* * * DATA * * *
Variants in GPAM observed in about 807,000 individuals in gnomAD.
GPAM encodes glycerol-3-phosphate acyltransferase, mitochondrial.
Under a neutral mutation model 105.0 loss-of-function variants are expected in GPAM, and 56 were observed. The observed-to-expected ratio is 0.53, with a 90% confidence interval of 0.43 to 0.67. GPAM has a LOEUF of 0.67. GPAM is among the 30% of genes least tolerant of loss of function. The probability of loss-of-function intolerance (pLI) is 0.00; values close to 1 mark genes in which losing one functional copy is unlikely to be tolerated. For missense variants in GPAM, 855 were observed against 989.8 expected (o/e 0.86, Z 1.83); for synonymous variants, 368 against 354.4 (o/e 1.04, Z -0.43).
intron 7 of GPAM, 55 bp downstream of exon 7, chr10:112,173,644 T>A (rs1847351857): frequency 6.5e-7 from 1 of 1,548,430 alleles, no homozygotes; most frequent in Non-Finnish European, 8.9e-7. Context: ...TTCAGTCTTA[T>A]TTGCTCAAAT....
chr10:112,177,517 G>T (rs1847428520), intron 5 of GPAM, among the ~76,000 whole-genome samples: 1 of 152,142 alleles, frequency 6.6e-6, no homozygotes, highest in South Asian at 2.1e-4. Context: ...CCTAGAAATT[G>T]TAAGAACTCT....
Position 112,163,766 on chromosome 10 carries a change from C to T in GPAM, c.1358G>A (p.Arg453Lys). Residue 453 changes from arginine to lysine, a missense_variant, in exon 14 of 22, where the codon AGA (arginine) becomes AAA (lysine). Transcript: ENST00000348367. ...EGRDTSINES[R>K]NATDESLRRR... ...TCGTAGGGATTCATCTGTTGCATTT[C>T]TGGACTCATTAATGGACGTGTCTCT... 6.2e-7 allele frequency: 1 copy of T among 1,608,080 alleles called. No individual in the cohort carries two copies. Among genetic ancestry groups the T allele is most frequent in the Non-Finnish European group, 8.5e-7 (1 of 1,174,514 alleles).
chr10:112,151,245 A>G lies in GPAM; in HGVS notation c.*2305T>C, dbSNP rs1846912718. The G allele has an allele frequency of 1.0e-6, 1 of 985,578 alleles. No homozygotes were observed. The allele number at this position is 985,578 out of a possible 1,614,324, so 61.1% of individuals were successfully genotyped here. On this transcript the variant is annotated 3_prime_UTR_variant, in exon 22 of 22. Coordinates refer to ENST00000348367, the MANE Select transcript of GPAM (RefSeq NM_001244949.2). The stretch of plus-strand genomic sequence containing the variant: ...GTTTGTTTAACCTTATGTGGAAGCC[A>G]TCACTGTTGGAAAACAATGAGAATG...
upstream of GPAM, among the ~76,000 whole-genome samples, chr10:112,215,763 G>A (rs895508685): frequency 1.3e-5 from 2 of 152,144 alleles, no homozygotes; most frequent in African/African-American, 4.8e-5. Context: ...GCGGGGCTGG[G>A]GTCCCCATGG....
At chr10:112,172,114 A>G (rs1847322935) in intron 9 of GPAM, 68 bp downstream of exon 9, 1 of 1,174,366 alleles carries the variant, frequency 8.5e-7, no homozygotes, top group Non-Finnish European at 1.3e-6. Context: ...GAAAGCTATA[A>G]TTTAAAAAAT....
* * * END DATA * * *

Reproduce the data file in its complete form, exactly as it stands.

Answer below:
Variants in GPAM observed in about 807,000 individuals in gnomAD.
GPAM encodes glycerol-3-phosphate acyltransferase, mitochondrial.
Under a neutral mutation model 105.0 loss-of-function variants are expected in GPAM, and 56 were observed. The observed-to-expected ratio is 0.53, with a 90% confidence interval of 0.43 to 0.67. GPAM has a LOEUF of 0.67. GPAM is among the 30% of genes least tolerant of loss of function. The probability of loss-of-function intolerance (pLI) is 0.00; values close to 1 mark genes in which losing one functional copy is unlikely to be tolerated. For missense variants in GPAM, 855 were observed against 989.8 expected (o/e 0.86, Z 1.83); for synonymous variants, 368 against 354.4 (o/e 1.04, Z -0.43).
intron 7 of GPAM, 55 bp downstream of exon 7, chr10:112,173,644 T>A (rs1847351857): frequency 6.5e-7 from 1 of 1,548,430 alleles, no homozygotes; most frequent in Non-Finnish European, 8.9e-7. Context: ...TTCAGTCTTA[T>A]TTGCTCAAAT....
chr10:112,177,517 G>T (rs1847428520), intron 5 of GPAM, among the ~76,000 whole-genome samples: 1 of 152,142 alleles, frequency 6.6e-6, no homozygotes, highest in South Asian at 2.1e-4. Context: ...CCTAGAAATT[G>T]TAAGAACTCT....
Position 112,163,766 on chromosome 10 carries a change from C to T in GPAM, c.1358G>A (p.Arg453Lys). Residue 453 changes from arginine to lysine, a missense_variant, in exon 14 of 22, where the codon AGA (arginine) becomes AAA (lysine). Transcript: ENST00000348367. ...EGRDTSINES[R>K]NATDESLRRR... ...TCGTAGGGATTCATCTGTTGCATTT[C>T]TGGACTCATTAATGGACGTGTCTCT... 6.2e-7 allele frequency: 1 copy of T among 1,608,080 alleles called. No individual in the cohort carries two copies. Among genetic ancestry groups the T allele is most frequent in the Non-Finnish European group, 8.5e-7 (1 of 1,174,514 alleles).
chr10:112,151,245 A>G lies in GPAM; in HGVS notation c.*2305T>C, dbSNP rs1846912718. The G allele has an allele frequency of 1.0e-6, 1 of 985,578 alleles. No homozygotes were observed. The allele number at this position is 985,578 out of a possible 1,614,324, so 61.1% of individuals were successfully genotyped here. On this transcript the variant is annotated 3_prime_UTR_variant, in exon 22 of 22. Coordinates refer to ENST00000348367, the MANE Select transcript of GPAM (RefSeq NM_001244949.2). The stretch of plus-strand genomic sequence containing the variant: ...GTTTGTTTAACCTTATGTGGAAGCC[A>G]TCACTGTTGGAAAACAATGAGAATG...
upstream of GPAM, among the ~76,000 whole-genome samples, chr10:112,215,763 G>A (rs895508685): frequency 1.3e-5 from 2 of 152,144 alleles, no homozygotes; most frequent in African/African-American, 4.8e-5. Context: ...GCGGGGCTGG[G>A]GTCCCCATGG....
At chr10:112,172,114 A>G (rs1847322935) in intron 9 of GPAM, 68 bp downstream of exon 9, 1 of 1,174,366 alleles carries the variant, frequency 8.5e-7, no homozygotes, top group Non-Finnish European at 1.3e-6. Context: ...GAAAGCTATA[A>G]TTTAAAAAAT....